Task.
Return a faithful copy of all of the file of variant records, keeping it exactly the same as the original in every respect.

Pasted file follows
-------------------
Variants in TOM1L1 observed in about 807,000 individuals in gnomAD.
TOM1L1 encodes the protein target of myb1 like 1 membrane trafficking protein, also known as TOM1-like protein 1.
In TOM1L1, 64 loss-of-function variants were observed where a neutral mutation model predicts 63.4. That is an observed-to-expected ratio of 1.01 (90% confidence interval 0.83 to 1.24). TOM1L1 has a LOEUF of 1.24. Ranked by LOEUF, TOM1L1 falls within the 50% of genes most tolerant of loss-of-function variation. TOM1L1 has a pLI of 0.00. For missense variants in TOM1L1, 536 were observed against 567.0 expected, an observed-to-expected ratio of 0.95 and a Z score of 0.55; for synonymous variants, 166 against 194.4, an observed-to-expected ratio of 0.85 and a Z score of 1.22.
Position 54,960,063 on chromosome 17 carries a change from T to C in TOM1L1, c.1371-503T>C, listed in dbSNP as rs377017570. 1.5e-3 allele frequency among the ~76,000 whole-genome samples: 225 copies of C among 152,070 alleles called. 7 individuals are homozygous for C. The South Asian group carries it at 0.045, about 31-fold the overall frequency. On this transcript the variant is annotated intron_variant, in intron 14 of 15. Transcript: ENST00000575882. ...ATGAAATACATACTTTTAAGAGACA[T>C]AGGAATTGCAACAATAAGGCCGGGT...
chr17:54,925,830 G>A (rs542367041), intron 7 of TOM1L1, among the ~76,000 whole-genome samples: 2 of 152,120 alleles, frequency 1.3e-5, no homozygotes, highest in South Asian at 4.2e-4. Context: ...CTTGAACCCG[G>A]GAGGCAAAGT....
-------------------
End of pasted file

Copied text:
Variants in TOM1L1 observed in about 807,000 individuals in gnomAD.
TOM1L1 encodes the protein target of myb1 like 1 membrane trafficking protein, also known as TOM1-like protein 1.
In TOM1L1, 64 loss-of-function variants were observed where a neutral mutation model predicts 63.4. That is an observed-to-expected ratio of 1.01 (90% confidence interval 0.83 to 1.24). TOM1L1 has a LOEUF of 1.24. Ranked by LOEUF, TOM1L1 falls within the 50% of genes most tolerant of loss-of-function variation. TOM1L1 has a pLI of 0.00. For missense variants in TOM1L1, 536 were observed against 567.0 expected, an observed-to-expected ratio of 0.95 and a Z score of 0.55; for synonymous variants, 166 against 194.4, an observed-to-expected ratio of 0.85 and a Z score of 1.22.
Position 54,960,063 on chromosome 17 carries a change from T to C in TOM1L1, c.1371-503T>C, listed in dbSNP as rs377017570. 1.5e-3 allele frequency among the ~76,000 whole-genome samples: 225 copies of C among 152,070 alleles called. 7 individuals are homozygous for C. The South Asian group carries it at 0.045, about 31-fold the overall frequency. On this transcript the variant is annotated intron_variant, in intron 14 of 15. Transcript: ENST00000575882. ...ATGAAATACATACTTTTAAGAGACA[T>C]AGGAATTGCAACAATAAGGCCGGGT...
chr17:54,925,830 G>A (rs542367041), intron 7 of TOM1L1, among the ~76,000 whole-genome samples: 2 of 152,120 alleles, frequency 1.3e-5, no homozygotes, highest in South Asian at 4.2e-4. Context: ...CTTGAACCCG[G>A]GAGGCAAAGT....